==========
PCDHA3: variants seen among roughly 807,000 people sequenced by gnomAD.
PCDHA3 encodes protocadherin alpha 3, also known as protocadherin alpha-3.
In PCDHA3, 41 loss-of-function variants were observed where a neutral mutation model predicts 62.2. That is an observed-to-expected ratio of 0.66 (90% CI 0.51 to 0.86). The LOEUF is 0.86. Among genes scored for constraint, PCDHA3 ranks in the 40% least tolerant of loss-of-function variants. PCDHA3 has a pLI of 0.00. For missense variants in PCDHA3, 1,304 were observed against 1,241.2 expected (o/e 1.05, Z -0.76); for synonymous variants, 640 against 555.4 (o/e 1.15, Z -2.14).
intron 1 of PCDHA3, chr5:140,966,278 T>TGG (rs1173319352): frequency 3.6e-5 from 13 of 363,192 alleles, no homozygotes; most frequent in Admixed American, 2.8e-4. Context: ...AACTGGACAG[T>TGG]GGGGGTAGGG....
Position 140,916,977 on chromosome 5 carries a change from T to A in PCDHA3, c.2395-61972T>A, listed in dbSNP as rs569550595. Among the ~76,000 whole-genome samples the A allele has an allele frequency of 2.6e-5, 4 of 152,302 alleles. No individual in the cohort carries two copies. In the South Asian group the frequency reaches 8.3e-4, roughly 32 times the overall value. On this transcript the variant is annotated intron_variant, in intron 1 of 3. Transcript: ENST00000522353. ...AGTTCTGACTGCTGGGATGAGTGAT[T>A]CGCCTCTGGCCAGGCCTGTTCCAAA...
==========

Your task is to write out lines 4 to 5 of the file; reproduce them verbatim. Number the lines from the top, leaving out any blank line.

intron 1 of PCDHA3, chr5:140,966,278 T>TGG (rs1173319352): frequency 3.6e-5 from 13 of 363,192 alleles, no homozygotes; most frequent in Admixed American, 2.8e-4. Context: ...AACTGGACAG[T>TGG]GGGGGTAGGG....
Position 140,916,977 on chromosome 5 carries a change from T to A in PCDHA3, c.2395-61972T>A, listed in dbSNP as rs569550595. Among the ~76,000 whole-genome samples the A allele has an allele frequency of 2.6e-5, 4 of 152,302 alleles. No individual in the cohort carries two copies. In the South Asian group the frequency reaches 8.3e-4, roughly 32 times the overall value. On this transcript the variant is annotated intron_variant, in intron 1 of 3. Transcript: ENST00000522353. ...AGTTCTGACTGCTGGGATGAGTGAT[T>A]CGCCTCTGGCCAGGCCTGTTCCAAA...